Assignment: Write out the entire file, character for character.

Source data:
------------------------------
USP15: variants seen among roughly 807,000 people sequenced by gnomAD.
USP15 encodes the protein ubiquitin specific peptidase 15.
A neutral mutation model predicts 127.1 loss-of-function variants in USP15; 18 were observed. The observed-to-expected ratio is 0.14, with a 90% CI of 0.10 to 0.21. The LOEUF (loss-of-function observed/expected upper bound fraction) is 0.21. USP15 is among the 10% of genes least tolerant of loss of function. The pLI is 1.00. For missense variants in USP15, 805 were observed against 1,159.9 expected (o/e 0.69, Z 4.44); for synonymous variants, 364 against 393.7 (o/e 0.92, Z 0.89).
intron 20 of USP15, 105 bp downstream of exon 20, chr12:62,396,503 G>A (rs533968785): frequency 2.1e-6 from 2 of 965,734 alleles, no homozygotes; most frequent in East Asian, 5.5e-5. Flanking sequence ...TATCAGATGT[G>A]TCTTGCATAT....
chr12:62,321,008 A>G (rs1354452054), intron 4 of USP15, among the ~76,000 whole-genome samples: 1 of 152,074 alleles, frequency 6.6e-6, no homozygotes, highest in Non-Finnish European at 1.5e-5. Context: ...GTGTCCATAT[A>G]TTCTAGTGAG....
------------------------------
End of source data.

USP15: variants seen among roughly 807,000 people sequenced by gnomAD.
USP15 encodes the protein ubiquitin specific peptidase 15.
A neutral mutation model predicts 127.1 loss-of-function variants in USP15; 18 were observed. The observed-to-expected ratio is 0.14, with a 90% CI of 0.10 to 0.21. The LOEUF (loss-of-function observed/expected upper bound fraction) is 0.21. USP15 is among the 10% of genes least tolerant of loss of function. The pLI is 1.00. For missense variants in USP15, 805 were observed against 1,159.9 expected (o/e 0.69, Z 4.44); for synonymous variants, 364 against 393.7 (o/e 0.92, Z 0.89).
intron 20 of USP15, 105 bp downstream of exon 20, chr12:62,396,503 G>A (rs533968785): frequency 2.1e-6 from 2 of 965,734 alleles, no homozygotes; most frequent in East Asian, 5.5e-5. Flanking sequence ...TATCAGATGT[G>A]TCTTGCATAT....
chr12:62,321,008 A>G (rs1354452054), intron 4 of USP15, among the ~76,000 whole-genome samples: 1 of 152,074 alleles, frequency 6.6e-6, no homozygotes, highest in Non-Finnish European at 1.5e-5. Context: ...GTGTCCATAT[A>G]TTCTAGTGAG....